Wilder on Meeting Dominique Wilkins, Promising KO of Fury

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By Lem Satterfield

Deontay Wilder promised a “slam dunk” KO of lineal champion Tyson Fury for Dominique Wilkins when the nine-time NBA All-Star visited his home in Tuscaloosa, Alabama, for a Friday afternoon podcast.

The 6-foot-7 “Bronze Bomber” (40-0, 39 KOs) pursues his eighth straight knockout in as many WBC title defenses against Fury (27-0, 19 KOs) of England on Showtime Pay-Per-View and December 1 at Staples Center in Los Angeles.

“This was my first time meeting him, and I welcomed him with open arms. He came down from Atlanta to my house along with his crew, and I was on his podcast show. It was fascinating and a blessing to have a Hall of Famer come to my home, because I’m a future Hall of Famer myself in my own profession,” said Wilder of Wilkins, a 2006 Naismith Basketball Hall of Fame inductee who was listed at 224 pounds during his playing days.

“I definitely think Dominique could have had a run in boxing, believing in himself and having the tall frame as well as the attitude. We did the podcast right out of my house.  There were no limits as we went on talking four about two hours. He’s a big fan of mine and he wanted to bring me one of his signed [No. 21] Atlanta Hawks’ jerseys. It was great to receive the blessings of a visit from a Hall of Famer to my home. I know he’ll be watching the Fury fight and might even be there watching me knock Fury out.”


Wilkins, 58, spoke to Wilder about his playing days, including 11 seasons with the Atlanta Hawks and stints for the Los Angeles Clippers, Boston Celtics, San Antonio Spurs and Orlando Magic.

“Dominique is a Hall of Famer with the Atlanta Hawks, and was telling me about how he played against [The Boston Celtics’] Larry Bird and [The Chicago Bulls’ players] Michael Jordan and Scottie Pippen and all of those guys,” said Wilder, a 2008 Olympic bronze medalist nicknamed, to BoxingScene.com.

“We were doing a lot talking about meditation, how he did it, and what got him set when he played, which is the same thing with me. It was about how he visualized dominating his competition, and that’s validation for the way that I do it. The same methods of preparation that I use, he used in basketball.”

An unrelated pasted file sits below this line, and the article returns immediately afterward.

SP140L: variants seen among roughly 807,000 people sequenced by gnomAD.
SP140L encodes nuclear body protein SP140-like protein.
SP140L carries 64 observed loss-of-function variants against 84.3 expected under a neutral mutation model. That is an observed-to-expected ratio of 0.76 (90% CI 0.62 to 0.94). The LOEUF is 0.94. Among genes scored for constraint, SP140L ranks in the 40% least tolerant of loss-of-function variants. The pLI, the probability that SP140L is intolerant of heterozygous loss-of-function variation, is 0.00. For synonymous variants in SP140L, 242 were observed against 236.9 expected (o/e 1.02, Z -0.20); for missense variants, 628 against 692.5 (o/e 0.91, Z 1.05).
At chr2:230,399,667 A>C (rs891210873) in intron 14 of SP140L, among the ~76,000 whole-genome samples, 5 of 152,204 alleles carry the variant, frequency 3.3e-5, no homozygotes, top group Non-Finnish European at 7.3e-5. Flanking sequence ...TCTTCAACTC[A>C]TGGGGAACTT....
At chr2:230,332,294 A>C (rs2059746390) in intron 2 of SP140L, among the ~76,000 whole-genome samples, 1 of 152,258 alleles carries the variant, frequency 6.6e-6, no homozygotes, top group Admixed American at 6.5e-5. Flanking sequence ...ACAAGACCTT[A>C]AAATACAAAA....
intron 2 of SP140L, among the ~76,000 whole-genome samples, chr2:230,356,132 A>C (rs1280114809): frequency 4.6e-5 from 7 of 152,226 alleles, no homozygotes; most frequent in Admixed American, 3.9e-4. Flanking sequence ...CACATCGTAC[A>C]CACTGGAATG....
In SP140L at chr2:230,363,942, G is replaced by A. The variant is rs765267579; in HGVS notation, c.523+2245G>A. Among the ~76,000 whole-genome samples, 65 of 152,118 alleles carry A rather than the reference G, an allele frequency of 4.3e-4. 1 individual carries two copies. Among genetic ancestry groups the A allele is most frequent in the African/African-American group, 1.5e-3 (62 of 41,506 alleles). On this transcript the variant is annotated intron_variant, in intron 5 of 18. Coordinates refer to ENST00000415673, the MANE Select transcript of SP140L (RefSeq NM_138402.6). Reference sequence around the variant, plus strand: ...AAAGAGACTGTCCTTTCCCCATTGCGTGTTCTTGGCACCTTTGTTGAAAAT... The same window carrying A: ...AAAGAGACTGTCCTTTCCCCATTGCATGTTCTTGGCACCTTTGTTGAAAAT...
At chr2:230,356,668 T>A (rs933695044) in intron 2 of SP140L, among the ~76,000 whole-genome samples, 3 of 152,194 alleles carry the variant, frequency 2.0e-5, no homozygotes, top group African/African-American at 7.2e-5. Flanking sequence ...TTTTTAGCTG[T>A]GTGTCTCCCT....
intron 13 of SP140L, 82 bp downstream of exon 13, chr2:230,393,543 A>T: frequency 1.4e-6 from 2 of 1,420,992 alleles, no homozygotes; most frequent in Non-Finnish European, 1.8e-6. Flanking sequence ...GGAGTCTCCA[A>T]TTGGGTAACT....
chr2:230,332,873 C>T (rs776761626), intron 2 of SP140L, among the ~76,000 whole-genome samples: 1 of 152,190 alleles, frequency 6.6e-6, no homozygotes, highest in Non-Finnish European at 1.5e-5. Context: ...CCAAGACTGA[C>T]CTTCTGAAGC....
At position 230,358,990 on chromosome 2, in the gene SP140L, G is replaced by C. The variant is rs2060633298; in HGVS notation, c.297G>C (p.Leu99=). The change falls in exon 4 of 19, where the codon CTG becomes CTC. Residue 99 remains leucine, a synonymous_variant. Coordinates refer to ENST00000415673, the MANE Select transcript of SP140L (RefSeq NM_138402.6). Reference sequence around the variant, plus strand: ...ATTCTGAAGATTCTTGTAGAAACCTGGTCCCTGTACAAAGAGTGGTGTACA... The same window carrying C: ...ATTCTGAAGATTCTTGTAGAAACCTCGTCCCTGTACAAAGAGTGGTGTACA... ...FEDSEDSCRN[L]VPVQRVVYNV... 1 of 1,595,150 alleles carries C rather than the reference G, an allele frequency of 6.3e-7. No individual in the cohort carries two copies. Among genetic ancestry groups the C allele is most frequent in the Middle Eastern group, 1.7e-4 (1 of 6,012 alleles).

Known among the premier dunkers in NBA history, the 6-foot-8 Wilkins was nicknamed “The Human Highlight Film.” Wilder is a lifetime resident and native of Tuscaloosa, Alabama, who graduated in 2004 from Tuscaloosa’s Central High School, participating in football and basketball with a desire to play either sport for the University of Alabama.

“On the basketball court, man, I would jump out of the gym for a slam dunk. Knocking people out is the same thing as dunking. I had hops like crazy and could dunk on three or four people. I also ran track and would have played soccer as well if I had time,” said Wilder, whose ‘Bronze Bomber’ moniker derived from Alabama-born heavyweight champion, Joe Louis, ‘The Brown Bomber.’

“I was playing both forward and center. I was always the first one picked during pickup basketball games because I had an aggressive style as a heavy dunker who was known for bringing it down on you hard. When I’d get up to the rim, I slammed it home just like I do when I’m knocking somebody out. Dominique is definitely wanting me to knock out Tyson Fury, which is what I’m known for.”

Wilder can supplant 6-foot-6 IBF/WBA/WBO/IBO champion Anthony Joshua (22-0,21 KOs) of the UK as the world’s No. 1 heavyweight by stopping the 6-foot-9 Fury following months of failed negotiations in June to make a unification bout against Joshua.

Coming off a two-knockdown, 10th-round stoppage of previously unbeaten southpaw Luis Ortiz in March, Wilder was ringside in April 2017 at London’s Wembley Stadium as Joshua stopped 41-year-old Wladimir Klitschko.

Joshua rose from the canvas in the sixth round against Klitschko, scoring knockdowns in the fifth and two more in the 11th for a TKO win. Joshua’s victory came 17 months after Klitschko was dethroned by Fury, a unanimous decision making “The Gypsy King” the lineal and IBF/WBA/WBO/IBO champion.

Wilder was also ringside in Belfast, Northern Ireland, in August for Fury’s unanimous decision over Francesco Pianeta, representing the 30-year-old’s second fight since Klitschko following June’s fourth-round stoppage of Sefer Seferi.

Wilder and Fury announced their clash in the ring post-Pianeta during a profanity-laced face-off similar to Fury’s disrupting Wilder’s interview after his ninth-round stoppage of southpaw Artur Szpilka in January 2016 in Brooklyn, New York.

“I don’t know how many rounds it’s going to go, but I would say somewhere between the mid-to later rounds, depending on how fast I adjust to Fury,” said Wilder.

“But once I make the adjustment, and when I connect, it’s going to be a devastating knockout. I’ve already envisioned it.”

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